The world's largest brewer last month introduced a new incentive program that could offer some independent distributors in the U.S. annual reimbursements of as much as $1.5 million if 98% of the beers they sell are AB InBev brands, according to two distributors who requested confidentiality because they were asked not to discuss the plan. Distributors whose sales volumes are 95% made up of AB InBev brands would be eligible to have the brewer cover as much as half of their contractual marketing support for those brands, which includes retail promotion and display costs. AB InBev, which introduced the plan at a meeting of distributors in St. Louis, estimates participating distributors would receive an average annual benefit of $200,000 each.

One distributor has already dropped a craft brewer in favor of InBev's incentive program.

The beer giant plans to devote big bucks to the scheme—about $150 million next year, as part of a "three-year plan to restore growth in AB InBev's most profitable market," the United States, the Journal reports. 

And beyond pushing up the percentage of AB InBev products in the mix, the incentive plans place another restriction on the distributors who choose to take advantage of the offers: They can only carry craft brewers that produce less than 15,000 barrels or sell beer only in one state.
 Such a provision would put a hard squeeze on excellent, relatively large craft brewers like San Diego's Stone, Northern California's Sierra Nevada, and Colorado's Oskar Blues. InBev's new program is already having an impact, the Journal reports.

At least one distributor has dropped a craft brewer as a result of the incentive program. Deschutes Brewery President Michael Lalonde said Grey Eagle Distributing of St. Louis last week decided it will drop the Oregon brewery behind Mirror Pond Pale Ale because it "had to make a choice to go with the incentive program or stay with craft."

All of this raises the question: Under US antitrust law, can a giant company legally throw around its weight like that? The answer may well be yes. Ricardo Melo, Anheuser-Busch's vice president of sales strategy and wholesaler development, stressed to the Journal that the incentive program is voluntary—that is, distributors are free to decline the extra support and continue stocking as many craft brands as they want. But apparently, the company doesn't think many distributors will turn down such a sweet deal. Currently, the Journal reports, just 38 percent of AB InBev-aligned distributors participate in the company's incentive programs. The company "aims to double participation in three years behind the new rewards plan," the article adds.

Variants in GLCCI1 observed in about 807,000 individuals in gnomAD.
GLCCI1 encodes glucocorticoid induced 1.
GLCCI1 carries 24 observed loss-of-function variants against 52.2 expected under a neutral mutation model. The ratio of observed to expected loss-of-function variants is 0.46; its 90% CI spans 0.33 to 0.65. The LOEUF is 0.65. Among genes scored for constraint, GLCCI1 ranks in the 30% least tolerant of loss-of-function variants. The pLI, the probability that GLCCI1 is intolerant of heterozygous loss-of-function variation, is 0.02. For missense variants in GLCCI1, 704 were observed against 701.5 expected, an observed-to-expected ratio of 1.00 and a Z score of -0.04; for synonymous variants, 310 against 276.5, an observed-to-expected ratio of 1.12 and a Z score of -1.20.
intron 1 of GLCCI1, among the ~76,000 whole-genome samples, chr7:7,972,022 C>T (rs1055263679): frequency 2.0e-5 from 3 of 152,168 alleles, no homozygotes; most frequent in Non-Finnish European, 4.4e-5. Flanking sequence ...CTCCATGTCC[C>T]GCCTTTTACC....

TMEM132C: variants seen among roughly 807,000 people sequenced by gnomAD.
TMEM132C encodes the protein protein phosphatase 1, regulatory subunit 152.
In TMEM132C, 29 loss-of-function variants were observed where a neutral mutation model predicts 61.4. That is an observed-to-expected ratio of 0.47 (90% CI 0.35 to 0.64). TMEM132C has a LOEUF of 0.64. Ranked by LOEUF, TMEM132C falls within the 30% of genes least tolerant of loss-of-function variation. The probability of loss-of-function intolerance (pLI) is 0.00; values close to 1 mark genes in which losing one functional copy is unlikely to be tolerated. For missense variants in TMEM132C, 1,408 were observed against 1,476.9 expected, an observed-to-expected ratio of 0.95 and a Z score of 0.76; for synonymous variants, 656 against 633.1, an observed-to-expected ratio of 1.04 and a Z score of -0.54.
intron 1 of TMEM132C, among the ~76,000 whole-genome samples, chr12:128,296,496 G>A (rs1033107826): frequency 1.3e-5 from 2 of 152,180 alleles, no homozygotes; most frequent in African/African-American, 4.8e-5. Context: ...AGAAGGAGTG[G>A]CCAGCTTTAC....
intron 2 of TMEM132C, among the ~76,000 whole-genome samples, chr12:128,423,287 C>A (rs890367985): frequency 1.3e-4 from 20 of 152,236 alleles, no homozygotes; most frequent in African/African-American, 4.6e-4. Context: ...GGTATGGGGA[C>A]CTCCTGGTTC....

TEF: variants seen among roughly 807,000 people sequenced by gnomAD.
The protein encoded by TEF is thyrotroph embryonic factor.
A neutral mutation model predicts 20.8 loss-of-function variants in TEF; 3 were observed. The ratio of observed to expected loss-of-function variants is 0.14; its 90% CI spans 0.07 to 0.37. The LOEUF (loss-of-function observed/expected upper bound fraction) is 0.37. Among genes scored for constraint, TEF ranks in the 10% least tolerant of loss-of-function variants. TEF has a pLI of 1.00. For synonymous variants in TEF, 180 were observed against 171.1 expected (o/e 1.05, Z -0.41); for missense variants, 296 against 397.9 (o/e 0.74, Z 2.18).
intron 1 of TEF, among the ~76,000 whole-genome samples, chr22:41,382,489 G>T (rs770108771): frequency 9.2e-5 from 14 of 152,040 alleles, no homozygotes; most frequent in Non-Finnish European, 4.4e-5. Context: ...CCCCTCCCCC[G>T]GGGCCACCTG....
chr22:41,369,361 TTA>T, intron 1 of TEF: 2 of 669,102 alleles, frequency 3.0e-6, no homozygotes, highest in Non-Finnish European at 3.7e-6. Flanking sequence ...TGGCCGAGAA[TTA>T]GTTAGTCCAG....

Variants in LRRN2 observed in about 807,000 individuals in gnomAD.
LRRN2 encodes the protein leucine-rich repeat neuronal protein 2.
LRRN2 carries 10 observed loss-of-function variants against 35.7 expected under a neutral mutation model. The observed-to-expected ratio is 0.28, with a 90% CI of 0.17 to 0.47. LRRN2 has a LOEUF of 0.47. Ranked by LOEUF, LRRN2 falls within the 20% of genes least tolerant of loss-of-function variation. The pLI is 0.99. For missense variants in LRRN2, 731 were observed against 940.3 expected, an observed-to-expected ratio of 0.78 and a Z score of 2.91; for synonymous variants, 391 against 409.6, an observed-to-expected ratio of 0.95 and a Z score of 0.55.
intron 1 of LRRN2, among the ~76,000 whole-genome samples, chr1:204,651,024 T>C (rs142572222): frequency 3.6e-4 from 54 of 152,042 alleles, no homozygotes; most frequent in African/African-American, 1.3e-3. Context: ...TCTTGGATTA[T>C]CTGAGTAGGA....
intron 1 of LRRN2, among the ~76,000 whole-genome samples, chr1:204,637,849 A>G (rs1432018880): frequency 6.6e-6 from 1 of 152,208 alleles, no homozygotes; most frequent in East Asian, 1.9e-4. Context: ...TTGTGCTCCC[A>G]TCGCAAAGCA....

This Scientist Uncovered Problems With Pesticides. Then the Government Started to Make His Life Miserable.

| Fri Dec. 4, 2015 7:00 AM EST
USDA researcher Jonathan Lundgren, in his lab

Until fairly recently, Jonathan Lundgren enjoyed a stellar career as a government scientist. An entomologist who studies how agrichemicals affect the ecology of farm fields, he has published nearly 100 articles in peer-reviewed journals since starting at the US Department of Agriculture's Agricultural Research Service laboratory in Brookings, South Dakota, in 2005. By 2012, he had won the ARS's "Outstanding Early Career Research Scientist" award, and directorship of his own lab.

USDA scientist Jonathan Lundgren has "gone from golden boy to public enemy No. 1," says the head of the group representing him.

But recently, things have changed. His work has "triggered an official campaign of harassment, hindrance, and retaliation" from his superiors, Lundgren alleged in an official complaint filed with USDA scientific integrity authorities last year. Lundgren made the battle with his USDA superiors public in October, two months after the agency imposed a 14-day without-pay suspension on him. The charges—laid out in a August 3 letter to Lundgren by John McMurtry, associate director of the ARS's Plains Area—centered on infractions regarding a trip to the East Coast to present research, and a failure to get proper clearance from his superiors before submitting a paper to a peer-reviewed journal.

Lundgren, who is currently not authorized to speak to the media, has released a detailed rebuttal of those charges in a document put together by Public Employees for Environmental Responsibility (PEER), which is representing him in the dispute.

But there's no doubting his knack for conducting research that raises troubling questions about some of the agrichemical industry's most lucrative existing products and promising future ones. "He's gone from golden boy to public enemy No. 1," says Jeff Ruch, executive director of PEER.

Before digging into the details of Lundgren's alleged infractions and punishment, it's worth having a look at Lundgren's recent research, which, Ruch says, led him "off the reservation" and into a world of "disciplinary disco."